While it’s certainly true that dash cameras play an important role in law enforcement around the country, it’s also true that not every agency can afford an arsenal of the latest that modern technology has to offer. Smaller departments often work with smaller budgets, which means that there are certain assets that they regularly have to go without.

Such was the case with the Clever Police Department recently, who wanted to start using dash cameras across their fleet in an effort to stop crime but discovered that they simply didn’t have the funds to do so. However, they quickly received assistance from the most unlikely of sources — another department in the area.

Departments That Share Dash Cams Help Us All

When Chief Darren Whisnant formally took over the position of Chief of Police in Clever, he said that he immediately wanted to bring dash cameras into the fold. He had used them in other departments throughout his career to great effect and wanted to bring those benefits to his new job, too. However, after going over the department’s current budget, buying the cameras outright was simply not an option.

Instead of just accepting that fact, he reached out to his former department — the Nixa Police Department — to see if they had any extra dash cameras laying around. Sadly, he learned that they had already given all of their extra units to a third department, that of Bolivar.

Upon further examination, however, Whisnant learned that Bolivar actually had a surplus of equipment that they were dealing with. Bolivar did need the extra units at one point but had long since purchased their own. Because they were working with all new equipment, any old units — along with the ones they received from Nixa — were basically sitting in storage, waiting to be disposed of.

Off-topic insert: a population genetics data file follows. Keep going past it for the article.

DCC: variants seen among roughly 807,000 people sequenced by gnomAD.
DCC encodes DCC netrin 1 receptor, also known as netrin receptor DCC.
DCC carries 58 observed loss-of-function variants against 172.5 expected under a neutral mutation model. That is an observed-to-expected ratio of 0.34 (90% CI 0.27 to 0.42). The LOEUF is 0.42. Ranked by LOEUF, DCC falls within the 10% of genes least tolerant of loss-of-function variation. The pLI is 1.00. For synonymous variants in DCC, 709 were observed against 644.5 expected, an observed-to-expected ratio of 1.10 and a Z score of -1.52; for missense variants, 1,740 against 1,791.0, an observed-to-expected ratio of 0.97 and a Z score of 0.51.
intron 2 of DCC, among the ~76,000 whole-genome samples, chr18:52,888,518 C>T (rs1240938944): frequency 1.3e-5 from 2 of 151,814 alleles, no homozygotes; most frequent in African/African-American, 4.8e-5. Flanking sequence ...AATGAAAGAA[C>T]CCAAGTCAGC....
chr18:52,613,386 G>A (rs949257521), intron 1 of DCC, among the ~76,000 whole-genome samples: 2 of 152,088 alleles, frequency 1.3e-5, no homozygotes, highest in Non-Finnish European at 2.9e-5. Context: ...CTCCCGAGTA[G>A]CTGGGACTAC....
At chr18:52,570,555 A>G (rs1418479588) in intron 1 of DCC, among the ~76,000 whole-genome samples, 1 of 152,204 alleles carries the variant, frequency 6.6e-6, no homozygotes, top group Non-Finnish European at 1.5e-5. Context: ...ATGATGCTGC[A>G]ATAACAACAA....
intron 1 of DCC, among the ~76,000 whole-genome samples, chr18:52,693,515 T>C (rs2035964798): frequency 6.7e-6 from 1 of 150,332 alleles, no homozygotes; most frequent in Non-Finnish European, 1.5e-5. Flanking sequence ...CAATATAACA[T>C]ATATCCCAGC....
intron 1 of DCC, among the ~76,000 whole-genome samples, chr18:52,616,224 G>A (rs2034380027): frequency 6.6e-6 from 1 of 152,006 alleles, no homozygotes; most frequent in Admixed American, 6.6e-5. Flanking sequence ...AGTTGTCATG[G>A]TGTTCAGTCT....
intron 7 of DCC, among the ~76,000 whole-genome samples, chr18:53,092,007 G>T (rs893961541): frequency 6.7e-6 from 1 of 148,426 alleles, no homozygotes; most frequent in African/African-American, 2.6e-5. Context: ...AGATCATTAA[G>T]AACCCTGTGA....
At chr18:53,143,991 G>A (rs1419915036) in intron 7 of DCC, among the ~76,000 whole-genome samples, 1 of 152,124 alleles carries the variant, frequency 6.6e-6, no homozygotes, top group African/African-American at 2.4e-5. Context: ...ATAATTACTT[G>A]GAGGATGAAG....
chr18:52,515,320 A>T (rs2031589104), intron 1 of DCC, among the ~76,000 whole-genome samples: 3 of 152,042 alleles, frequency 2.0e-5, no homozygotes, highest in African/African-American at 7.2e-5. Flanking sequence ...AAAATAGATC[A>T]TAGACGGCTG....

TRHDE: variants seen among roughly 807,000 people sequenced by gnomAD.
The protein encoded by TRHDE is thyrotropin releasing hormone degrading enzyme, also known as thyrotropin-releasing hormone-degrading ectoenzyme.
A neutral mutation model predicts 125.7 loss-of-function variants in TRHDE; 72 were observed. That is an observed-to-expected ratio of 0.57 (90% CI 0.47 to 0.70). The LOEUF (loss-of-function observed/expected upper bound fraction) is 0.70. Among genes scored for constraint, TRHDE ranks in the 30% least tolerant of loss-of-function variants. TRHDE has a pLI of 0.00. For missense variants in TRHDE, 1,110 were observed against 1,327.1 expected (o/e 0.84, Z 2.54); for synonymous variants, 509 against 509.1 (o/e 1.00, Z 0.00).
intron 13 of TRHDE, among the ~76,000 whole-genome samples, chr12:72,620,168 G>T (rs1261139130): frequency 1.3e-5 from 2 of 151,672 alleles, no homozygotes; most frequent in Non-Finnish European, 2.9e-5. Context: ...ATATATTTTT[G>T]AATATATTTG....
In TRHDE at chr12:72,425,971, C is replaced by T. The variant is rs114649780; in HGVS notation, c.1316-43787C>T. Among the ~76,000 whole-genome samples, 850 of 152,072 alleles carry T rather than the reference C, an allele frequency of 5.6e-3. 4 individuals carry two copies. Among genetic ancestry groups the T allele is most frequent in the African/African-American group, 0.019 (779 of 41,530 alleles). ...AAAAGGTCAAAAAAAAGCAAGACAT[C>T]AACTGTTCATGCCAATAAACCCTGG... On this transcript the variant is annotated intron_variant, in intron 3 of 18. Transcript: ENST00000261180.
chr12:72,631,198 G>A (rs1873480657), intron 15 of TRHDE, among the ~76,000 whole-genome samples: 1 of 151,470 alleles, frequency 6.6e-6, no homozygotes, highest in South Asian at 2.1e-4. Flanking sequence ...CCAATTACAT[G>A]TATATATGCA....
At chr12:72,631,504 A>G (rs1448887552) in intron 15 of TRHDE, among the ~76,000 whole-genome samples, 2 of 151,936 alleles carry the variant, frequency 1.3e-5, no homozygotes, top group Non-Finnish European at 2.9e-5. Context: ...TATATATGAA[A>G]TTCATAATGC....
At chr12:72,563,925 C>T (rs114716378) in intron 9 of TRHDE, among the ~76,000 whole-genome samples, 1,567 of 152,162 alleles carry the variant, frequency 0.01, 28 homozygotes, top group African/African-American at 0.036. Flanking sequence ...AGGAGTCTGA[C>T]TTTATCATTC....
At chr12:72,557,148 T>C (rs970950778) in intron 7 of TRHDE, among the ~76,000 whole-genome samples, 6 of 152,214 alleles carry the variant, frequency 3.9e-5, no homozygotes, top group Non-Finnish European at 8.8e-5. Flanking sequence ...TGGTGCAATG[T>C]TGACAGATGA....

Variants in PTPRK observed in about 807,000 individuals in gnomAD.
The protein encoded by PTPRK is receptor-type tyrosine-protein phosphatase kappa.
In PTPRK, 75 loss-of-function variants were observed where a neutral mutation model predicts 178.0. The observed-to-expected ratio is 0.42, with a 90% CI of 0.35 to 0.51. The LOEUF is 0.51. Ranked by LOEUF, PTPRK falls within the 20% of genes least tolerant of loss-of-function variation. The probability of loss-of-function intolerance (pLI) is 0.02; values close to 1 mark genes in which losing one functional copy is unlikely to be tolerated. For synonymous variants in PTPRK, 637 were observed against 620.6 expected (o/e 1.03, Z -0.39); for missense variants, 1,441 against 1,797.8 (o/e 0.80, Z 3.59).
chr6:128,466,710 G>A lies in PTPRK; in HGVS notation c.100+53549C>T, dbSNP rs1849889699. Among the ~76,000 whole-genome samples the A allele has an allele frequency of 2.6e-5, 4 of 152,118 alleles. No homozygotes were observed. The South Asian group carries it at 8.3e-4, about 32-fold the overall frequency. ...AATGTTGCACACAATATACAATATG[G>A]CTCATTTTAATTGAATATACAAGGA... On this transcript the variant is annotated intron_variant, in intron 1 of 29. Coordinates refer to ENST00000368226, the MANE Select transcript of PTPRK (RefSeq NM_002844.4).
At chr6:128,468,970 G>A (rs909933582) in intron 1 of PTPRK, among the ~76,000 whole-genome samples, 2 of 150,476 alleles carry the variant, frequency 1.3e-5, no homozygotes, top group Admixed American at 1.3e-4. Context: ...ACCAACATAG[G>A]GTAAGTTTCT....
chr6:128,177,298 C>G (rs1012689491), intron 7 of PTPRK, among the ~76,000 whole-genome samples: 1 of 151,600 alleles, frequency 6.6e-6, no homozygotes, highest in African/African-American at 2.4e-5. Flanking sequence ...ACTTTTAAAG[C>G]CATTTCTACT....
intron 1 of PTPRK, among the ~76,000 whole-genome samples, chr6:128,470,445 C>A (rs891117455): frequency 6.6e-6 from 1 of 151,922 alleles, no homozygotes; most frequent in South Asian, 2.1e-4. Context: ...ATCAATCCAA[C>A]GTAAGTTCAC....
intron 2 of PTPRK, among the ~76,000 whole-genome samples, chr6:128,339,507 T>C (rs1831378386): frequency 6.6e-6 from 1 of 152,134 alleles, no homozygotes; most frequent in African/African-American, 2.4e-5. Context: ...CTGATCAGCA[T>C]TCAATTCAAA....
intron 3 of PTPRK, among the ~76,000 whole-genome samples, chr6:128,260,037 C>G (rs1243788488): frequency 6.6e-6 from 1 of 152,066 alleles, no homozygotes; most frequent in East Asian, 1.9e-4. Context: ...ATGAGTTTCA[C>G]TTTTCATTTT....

At that point, Whisnant was able to secure the dash cameras for the Clever police department to use in their own patrol cars. He says that this is something that will literally revolutionize the department, even going as far as to state that “without [Nixa’s] help, we would still be in the 1980s and 1990s.”

Officers from all departments say that the dash cameras not only help protect them while they’re out on routine patrols, but they help protect citizens as well. The camera systems capture everything that an officer does. In addition to help make sure that agency officials stay honest, it also keeps the public honest as well. Joel Schulz, a patrol officer for the Clever Police Department, said that “it’s not a he-said, she-said situation anymore.” All guesswork is removed from the equation when you have a cold, hard, honest record of every activity as it played out in real-time. Schulz even gave an example: If he conducts a routine traffic stop and he doesn’t think it went well, he can go back and review the dash cam footage to see what happened and what he can learn to use to improve himself in the future.

The types of dash cameras that are regularly outfitted in patrol cars can be triggered in a wide range of different ways. These include but are not limited to when the car’s lights are switched on, when an officer presses a button on his uniform, or in similar situations.

To his credit, Chief Whisnant is very thankful for all of the other departments for their eagerness to help Clever. It’s never easy coming into a new department as the Chief of Police — often, you need all the help you can get. Whisnant says that he’s been greeted with open arms, however, not only by his fellow chiefs but by all of the hardworking men and women in departments across the area.

The Clever Police Department has been using their new dash cameras for roughly two weeks and will continue to do so in the future. Whisnant indicated that the next item on his list has to do with body cameras — something that he wants to get up and running to be used by school resource officers in particular.